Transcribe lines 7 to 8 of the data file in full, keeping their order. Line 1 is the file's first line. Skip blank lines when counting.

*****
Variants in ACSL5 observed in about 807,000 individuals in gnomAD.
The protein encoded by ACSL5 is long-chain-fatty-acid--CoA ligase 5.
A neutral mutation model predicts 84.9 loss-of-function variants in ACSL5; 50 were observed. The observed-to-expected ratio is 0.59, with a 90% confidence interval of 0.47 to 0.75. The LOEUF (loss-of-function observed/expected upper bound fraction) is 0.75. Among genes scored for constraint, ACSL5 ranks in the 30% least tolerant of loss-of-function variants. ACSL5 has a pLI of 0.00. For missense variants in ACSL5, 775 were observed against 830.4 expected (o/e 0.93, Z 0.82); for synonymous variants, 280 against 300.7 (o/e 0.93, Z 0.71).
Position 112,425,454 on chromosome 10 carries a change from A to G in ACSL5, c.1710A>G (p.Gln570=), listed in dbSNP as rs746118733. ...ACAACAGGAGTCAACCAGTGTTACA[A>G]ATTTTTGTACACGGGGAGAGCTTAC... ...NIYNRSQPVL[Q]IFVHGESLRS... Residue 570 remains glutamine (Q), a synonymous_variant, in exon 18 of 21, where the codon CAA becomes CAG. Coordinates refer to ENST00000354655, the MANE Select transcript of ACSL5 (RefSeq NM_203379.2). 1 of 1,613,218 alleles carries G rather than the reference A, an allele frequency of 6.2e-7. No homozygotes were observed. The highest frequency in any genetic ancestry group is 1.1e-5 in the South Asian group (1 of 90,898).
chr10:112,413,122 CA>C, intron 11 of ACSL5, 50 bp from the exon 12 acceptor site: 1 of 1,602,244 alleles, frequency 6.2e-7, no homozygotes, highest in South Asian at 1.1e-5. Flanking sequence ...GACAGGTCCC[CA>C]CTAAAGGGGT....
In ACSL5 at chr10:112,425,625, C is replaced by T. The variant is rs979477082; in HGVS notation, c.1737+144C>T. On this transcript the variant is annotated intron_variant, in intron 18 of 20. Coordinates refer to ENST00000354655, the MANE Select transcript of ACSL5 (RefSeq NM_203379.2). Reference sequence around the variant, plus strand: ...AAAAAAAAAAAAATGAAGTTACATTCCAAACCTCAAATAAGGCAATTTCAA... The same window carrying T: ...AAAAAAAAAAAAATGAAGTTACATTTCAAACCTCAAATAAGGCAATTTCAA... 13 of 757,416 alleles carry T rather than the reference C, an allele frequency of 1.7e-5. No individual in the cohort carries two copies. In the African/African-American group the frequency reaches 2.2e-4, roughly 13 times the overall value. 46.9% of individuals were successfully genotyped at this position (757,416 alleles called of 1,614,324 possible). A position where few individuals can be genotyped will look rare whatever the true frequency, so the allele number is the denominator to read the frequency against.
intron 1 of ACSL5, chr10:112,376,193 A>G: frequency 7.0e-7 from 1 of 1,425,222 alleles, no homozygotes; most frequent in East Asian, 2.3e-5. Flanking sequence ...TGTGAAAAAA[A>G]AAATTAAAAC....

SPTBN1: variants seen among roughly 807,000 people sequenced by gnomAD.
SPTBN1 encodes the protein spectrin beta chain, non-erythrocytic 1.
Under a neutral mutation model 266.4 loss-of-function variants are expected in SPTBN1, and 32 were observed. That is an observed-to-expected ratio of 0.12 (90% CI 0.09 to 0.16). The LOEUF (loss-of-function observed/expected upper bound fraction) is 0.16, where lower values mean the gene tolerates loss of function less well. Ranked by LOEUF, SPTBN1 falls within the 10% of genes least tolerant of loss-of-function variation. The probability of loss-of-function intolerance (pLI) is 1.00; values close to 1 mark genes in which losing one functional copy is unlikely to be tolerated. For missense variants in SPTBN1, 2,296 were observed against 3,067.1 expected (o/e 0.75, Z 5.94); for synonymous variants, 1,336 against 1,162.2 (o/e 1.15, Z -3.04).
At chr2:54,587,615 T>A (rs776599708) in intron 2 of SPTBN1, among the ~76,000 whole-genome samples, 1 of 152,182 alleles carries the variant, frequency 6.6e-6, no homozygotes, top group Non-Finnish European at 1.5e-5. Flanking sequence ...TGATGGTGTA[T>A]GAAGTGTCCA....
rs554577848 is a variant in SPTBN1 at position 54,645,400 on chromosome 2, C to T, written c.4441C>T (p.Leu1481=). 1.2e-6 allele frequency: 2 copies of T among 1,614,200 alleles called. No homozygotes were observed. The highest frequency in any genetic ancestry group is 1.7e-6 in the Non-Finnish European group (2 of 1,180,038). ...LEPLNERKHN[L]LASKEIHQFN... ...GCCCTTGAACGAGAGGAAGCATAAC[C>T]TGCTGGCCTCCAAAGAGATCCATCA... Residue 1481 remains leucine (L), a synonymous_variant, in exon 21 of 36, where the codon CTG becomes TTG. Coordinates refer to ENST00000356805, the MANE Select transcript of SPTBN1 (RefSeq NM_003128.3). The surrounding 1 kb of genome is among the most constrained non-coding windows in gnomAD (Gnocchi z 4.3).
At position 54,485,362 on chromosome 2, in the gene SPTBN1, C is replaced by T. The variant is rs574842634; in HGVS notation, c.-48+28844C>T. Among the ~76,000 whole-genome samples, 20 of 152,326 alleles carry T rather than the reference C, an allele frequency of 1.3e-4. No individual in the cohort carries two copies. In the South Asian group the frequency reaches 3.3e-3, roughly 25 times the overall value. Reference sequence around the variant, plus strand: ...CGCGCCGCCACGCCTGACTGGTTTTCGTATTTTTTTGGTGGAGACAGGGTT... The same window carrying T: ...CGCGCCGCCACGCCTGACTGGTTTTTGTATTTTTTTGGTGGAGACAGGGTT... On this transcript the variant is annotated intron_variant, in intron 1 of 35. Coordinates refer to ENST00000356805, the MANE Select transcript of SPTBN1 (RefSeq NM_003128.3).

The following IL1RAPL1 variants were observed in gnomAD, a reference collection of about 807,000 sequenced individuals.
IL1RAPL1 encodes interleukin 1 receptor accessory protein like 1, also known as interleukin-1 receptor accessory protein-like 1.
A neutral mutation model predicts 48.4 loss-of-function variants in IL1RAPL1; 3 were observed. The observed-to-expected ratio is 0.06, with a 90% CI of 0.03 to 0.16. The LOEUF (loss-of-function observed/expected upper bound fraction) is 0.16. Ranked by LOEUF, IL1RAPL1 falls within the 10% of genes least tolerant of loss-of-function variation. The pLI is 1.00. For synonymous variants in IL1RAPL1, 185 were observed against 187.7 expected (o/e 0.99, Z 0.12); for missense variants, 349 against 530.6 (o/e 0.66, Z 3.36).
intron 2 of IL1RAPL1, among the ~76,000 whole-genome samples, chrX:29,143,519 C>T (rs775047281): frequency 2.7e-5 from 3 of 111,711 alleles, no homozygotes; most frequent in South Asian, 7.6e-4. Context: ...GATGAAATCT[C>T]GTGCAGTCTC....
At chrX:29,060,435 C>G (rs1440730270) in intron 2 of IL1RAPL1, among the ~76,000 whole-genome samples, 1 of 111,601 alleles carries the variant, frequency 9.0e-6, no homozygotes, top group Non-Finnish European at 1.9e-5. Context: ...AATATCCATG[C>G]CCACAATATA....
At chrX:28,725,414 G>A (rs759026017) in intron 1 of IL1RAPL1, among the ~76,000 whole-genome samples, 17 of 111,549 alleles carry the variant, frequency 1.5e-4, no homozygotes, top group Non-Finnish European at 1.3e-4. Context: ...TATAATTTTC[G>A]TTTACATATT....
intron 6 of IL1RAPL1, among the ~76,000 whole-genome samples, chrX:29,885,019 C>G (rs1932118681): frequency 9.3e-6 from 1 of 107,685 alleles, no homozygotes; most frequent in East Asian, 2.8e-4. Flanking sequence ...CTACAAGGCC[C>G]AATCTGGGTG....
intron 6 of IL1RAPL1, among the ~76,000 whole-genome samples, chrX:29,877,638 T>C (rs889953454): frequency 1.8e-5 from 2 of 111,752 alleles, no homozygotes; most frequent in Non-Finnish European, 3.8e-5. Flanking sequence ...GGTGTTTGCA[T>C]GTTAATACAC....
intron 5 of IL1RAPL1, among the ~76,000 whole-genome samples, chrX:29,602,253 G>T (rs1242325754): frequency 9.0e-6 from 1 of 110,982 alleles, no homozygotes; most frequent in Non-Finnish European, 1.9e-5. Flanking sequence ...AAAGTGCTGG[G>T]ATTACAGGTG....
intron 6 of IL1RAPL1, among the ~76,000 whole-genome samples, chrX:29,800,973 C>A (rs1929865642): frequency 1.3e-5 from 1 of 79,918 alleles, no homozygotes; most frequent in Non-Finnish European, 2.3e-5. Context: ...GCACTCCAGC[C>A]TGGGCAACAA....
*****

intron 1 of ACSL5, chr10:112,376,193 A>G: frequency 7.0e-7 from 1 of 1,425,222 alleles, no homozygotes; most frequent in East Asian, 2.3e-5. Flanking sequence ...TGTGAAAAAA[A>G]AAATTAAAAC....

SPTBN1: variants seen among roughly 807,000 people sequenced by gnomAD.